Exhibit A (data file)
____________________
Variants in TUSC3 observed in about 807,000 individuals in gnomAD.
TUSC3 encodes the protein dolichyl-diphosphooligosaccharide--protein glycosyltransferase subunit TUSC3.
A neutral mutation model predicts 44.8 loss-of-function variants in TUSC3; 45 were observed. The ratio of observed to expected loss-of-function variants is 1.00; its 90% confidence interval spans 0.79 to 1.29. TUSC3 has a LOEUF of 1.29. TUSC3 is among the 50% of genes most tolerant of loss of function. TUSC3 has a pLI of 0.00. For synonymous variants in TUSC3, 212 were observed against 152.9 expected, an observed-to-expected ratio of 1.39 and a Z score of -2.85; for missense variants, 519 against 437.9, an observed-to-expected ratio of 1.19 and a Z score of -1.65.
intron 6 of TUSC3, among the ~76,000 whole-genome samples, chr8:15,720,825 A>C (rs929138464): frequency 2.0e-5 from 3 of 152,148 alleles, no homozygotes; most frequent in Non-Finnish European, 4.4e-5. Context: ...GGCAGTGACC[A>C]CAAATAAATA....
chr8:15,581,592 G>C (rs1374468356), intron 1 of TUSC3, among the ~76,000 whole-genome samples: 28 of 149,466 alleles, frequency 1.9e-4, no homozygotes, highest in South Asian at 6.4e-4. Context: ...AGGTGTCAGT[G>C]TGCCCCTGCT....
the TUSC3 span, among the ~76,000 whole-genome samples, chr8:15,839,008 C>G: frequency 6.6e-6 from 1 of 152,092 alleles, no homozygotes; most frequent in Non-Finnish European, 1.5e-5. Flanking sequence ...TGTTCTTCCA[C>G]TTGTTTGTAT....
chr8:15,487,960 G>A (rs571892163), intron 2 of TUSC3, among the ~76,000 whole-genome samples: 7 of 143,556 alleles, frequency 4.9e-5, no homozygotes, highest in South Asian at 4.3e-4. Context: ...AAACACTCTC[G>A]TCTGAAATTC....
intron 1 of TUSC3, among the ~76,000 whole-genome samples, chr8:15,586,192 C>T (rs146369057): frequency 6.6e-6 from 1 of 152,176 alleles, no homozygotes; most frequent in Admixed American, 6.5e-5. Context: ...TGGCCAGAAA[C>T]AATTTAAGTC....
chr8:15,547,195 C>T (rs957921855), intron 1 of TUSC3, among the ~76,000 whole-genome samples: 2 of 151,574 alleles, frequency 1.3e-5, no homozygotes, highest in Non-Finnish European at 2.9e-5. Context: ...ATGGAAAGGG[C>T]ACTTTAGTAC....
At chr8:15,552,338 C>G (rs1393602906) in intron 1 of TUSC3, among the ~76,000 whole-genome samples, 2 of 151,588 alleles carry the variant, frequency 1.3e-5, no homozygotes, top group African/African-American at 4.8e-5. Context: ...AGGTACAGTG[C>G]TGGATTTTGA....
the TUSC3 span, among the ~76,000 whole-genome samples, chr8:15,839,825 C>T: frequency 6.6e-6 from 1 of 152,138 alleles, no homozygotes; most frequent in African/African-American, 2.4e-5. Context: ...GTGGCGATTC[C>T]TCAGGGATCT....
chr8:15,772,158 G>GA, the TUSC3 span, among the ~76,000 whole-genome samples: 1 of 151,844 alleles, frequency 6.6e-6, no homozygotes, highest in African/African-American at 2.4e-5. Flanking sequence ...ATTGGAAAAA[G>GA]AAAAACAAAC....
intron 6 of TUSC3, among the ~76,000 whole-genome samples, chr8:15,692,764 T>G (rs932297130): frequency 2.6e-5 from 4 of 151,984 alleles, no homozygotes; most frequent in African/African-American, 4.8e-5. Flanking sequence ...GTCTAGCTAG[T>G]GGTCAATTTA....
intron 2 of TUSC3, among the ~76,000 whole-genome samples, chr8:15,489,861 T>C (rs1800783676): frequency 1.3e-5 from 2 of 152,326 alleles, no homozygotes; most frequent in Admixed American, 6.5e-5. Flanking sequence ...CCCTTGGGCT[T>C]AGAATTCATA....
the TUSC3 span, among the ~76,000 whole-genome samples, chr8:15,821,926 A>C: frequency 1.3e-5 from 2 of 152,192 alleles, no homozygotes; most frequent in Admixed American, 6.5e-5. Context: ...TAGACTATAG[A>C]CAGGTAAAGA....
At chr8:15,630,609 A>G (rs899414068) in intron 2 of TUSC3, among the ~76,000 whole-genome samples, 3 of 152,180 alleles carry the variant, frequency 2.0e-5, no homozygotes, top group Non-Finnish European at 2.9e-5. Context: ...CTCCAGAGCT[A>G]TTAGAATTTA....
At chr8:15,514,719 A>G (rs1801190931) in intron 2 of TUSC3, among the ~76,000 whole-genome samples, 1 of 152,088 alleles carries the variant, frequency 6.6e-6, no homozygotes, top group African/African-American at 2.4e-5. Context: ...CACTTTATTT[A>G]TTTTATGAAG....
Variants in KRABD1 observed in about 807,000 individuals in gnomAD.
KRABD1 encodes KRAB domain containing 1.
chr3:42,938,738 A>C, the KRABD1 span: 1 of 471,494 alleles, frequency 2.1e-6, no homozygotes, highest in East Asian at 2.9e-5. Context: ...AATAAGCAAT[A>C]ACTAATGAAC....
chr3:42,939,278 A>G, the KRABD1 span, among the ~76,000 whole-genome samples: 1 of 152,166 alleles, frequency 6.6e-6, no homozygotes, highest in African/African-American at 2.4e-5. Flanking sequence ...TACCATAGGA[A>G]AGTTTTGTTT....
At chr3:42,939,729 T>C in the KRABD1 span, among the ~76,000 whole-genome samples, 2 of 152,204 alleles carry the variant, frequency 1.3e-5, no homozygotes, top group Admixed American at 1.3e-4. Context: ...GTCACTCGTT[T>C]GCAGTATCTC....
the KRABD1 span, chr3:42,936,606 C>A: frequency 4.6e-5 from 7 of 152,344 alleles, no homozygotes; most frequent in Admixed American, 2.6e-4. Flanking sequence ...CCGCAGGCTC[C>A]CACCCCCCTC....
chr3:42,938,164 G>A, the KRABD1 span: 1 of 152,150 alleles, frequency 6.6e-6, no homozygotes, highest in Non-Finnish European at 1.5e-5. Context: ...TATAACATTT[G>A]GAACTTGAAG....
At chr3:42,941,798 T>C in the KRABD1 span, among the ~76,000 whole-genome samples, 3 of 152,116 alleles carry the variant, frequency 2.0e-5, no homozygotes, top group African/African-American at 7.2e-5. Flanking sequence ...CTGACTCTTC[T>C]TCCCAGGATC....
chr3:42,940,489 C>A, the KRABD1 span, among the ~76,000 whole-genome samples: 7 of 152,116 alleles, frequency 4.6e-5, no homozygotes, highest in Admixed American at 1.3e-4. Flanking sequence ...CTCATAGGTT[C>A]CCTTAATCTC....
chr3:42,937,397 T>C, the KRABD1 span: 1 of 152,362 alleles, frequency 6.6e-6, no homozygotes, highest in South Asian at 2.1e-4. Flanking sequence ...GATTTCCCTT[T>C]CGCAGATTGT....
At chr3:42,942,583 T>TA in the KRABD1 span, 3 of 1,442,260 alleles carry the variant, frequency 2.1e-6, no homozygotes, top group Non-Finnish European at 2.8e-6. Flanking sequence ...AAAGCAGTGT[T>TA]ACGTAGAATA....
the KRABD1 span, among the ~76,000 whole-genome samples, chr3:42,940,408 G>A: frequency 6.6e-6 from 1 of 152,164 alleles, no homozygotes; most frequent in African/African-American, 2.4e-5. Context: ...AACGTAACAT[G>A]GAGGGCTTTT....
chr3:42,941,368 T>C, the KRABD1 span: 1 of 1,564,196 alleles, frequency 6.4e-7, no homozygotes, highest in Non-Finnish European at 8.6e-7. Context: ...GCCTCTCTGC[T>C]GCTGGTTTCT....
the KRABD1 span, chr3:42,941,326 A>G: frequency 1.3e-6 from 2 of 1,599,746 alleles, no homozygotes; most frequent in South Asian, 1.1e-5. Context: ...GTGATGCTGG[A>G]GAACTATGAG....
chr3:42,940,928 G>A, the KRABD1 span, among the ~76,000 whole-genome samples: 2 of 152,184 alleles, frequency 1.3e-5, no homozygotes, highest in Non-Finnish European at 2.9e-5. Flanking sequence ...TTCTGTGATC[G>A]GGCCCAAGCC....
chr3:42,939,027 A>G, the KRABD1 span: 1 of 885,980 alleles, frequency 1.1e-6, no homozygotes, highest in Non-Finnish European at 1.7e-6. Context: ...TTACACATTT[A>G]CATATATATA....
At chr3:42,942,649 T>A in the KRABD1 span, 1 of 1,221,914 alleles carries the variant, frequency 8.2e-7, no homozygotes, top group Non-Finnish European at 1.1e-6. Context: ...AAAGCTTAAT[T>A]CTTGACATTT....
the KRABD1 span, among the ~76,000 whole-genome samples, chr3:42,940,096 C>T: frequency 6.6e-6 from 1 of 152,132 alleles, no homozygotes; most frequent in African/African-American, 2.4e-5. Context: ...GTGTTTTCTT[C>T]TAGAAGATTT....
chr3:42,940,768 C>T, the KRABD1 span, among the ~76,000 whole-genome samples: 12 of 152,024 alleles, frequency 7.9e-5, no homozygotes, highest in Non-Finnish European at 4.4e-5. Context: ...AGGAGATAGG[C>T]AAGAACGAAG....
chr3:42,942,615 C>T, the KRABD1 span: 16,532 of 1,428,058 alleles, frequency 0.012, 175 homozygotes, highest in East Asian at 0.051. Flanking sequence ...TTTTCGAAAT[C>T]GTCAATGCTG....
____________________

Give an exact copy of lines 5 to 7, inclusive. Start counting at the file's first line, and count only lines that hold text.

chr8:15,581,592 G>C (rs1374468356), intron 1 of TUSC3, among the ~76,000 whole-genome samples: 28 of 149,466 alleles, frequency 1.9e-4, no homozygotes, highest in South Asian at 6.4e-4. Context: ...AGGTGTCAGT[G>C]TGCCCCTGCT....
the TUSC3 span, among the ~76,000 whole-genome samples, chr8:15,839,008 C>G: frequency 6.6e-6 from 1 of 152,092 alleles, no homozygotes; most frequent in Non-Finnish European, 1.5e-5. Flanking sequence ...TGTTCTTCCA[C>G]TTGTTTGTAT....
chr8:15,487,960 G>A (rs571892163), intron 2 of TUSC3, among the ~76,000 whole-genome samples: 7 of 143,556 alleles, frequency 4.9e-5, no homozygotes, highest in South Asian at 4.3e-4. Context: ...AAACACTCTC[G>A]TCTGAAATTC....